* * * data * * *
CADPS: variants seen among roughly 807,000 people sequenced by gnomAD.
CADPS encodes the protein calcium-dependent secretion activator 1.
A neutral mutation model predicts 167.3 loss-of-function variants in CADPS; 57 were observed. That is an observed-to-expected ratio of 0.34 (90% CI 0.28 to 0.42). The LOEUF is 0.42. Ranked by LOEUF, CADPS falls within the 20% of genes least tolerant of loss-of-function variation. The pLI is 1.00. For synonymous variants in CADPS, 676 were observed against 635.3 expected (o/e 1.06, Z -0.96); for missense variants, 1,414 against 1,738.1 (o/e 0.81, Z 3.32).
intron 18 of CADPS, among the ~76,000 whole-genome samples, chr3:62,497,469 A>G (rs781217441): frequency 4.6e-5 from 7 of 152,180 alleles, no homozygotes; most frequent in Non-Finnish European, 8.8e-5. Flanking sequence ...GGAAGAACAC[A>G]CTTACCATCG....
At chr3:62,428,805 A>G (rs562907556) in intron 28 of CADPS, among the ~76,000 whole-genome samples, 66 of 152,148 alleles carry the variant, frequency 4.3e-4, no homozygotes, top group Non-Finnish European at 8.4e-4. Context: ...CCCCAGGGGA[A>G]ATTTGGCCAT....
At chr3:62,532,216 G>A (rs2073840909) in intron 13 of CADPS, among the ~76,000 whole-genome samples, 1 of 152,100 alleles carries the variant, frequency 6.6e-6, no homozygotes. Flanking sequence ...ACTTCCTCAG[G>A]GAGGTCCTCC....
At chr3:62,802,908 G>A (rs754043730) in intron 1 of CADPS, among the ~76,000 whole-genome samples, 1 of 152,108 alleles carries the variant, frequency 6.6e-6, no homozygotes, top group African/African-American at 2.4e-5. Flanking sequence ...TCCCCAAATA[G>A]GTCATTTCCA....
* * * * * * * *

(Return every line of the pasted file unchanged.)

CADPS: variants seen among roughly 807,000 people sequenced by gnomAD.
CADPS encodes the protein calcium-dependent secretion activator 1.
A neutral mutation model predicts 167.3 loss-of-function variants in CADPS; 57 were observed. That is an observed-to-expected ratio of 0.34 (90% CI 0.28 to 0.42). The LOEUF is 0.42. Ranked by LOEUF, CADPS falls within the 20% of genes least tolerant of loss-of-function variation. The pLI is 1.00. For synonymous variants in CADPS, 676 were observed against 635.3 expected (o/e 1.06, Z -0.96); for missense variants, 1,414 against 1,738.1 (o/e 0.81, Z 3.32).
intron 18 of CADPS, among the ~76,000 whole-genome samples, chr3:62,497,469 A>G (rs781217441): frequency 4.6e-5 from 7 of 152,180 alleles, no homozygotes; most frequent in Non-Finnish European, 8.8e-5. Flanking sequence ...GGAAGAACAC[A>G]CTTACCATCG....
At chr3:62,428,805 A>G (rs562907556) in intron 28 of CADPS, among the ~76,000 whole-genome samples, 66 of 152,148 alleles carry the variant, frequency 4.3e-4, no homozygotes, top group Non-Finnish European at 8.4e-4. Context: ...CCCCAGGGGA[A>G]ATTTGGCCAT....
At chr3:62,532,216 G>A (rs2073840909) in intron 13 of CADPS, among the ~76,000 whole-genome samples, 1 of 152,100 alleles carries the variant, frequency 6.6e-6, no homozygotes. Flanking sequence ...ACTTCCTCAG[G>A]GAGGTCCTCC....
At chr3:62,802,908 G>A (rs754043730) in intron 1 of CADPS, among the ~76,000 whole-genome samples, 1 of 152,108 alleles carries the variant, frequency 6.6e-6, no homozygotes, top group African/African-American at 2.4e-5. Flanking sequence ...TCCCCAAATA[G>A]GTCATTTCCA....